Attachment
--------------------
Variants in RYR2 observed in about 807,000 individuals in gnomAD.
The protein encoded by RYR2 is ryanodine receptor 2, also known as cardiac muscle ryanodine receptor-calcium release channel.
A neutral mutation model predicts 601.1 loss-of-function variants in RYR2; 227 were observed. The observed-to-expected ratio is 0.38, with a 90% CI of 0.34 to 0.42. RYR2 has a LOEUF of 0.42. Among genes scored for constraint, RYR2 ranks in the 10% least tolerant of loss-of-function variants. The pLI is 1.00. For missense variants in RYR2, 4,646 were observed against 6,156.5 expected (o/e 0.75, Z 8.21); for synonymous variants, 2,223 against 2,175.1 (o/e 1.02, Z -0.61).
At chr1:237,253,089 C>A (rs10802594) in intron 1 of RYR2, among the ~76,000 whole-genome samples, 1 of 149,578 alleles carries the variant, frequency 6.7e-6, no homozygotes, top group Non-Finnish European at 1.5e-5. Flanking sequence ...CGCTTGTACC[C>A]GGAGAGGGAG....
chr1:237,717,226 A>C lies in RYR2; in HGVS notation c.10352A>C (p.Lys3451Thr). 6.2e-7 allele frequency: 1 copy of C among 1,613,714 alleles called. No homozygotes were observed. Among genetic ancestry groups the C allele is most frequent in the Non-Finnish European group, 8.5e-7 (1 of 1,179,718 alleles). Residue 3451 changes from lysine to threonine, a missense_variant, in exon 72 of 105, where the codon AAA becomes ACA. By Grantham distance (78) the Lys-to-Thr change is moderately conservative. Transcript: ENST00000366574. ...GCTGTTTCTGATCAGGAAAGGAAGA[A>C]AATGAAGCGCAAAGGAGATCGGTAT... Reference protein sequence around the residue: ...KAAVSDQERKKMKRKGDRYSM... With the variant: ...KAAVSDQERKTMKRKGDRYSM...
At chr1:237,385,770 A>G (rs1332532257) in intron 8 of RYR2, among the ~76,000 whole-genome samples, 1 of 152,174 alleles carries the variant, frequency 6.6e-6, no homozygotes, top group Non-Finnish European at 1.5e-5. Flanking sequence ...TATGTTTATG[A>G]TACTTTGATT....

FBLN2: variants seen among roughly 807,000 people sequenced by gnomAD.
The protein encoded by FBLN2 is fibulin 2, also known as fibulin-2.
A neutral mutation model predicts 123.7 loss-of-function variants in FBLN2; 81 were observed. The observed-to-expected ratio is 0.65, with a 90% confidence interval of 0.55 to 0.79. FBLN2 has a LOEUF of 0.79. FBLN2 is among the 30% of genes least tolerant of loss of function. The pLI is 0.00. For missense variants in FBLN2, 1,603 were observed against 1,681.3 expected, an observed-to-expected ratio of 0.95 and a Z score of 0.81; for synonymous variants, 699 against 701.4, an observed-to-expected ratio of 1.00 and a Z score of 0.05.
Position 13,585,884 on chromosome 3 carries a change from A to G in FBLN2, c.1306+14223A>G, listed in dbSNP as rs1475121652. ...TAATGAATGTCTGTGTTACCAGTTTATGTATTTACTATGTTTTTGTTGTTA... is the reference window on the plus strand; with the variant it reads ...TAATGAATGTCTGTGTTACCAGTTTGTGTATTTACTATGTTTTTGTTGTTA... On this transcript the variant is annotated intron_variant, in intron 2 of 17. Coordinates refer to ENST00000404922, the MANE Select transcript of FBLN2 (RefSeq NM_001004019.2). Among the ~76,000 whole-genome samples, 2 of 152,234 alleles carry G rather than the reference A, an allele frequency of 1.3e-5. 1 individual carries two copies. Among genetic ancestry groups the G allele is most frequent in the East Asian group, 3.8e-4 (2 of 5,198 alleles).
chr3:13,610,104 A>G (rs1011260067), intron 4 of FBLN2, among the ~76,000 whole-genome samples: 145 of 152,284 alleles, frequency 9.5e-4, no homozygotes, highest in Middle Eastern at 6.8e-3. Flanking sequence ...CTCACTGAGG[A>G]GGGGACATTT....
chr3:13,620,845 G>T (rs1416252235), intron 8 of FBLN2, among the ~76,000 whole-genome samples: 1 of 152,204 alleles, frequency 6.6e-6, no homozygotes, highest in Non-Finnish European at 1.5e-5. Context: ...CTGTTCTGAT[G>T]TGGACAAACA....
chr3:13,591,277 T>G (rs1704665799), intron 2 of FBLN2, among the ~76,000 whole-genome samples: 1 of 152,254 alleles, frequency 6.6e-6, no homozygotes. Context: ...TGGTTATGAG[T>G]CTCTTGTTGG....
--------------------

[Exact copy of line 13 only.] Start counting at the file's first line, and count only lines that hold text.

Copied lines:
chr3:13,591,277 T>G (rs1704665799), intron 2 of FBLN2, among the ~76,000 whole-genome samples: 1 of 152,254 alleles, frequency 6.6e-6, no homozygotes. Context: ...TGGTTATGAG[T>G]CTCTTGTTGG....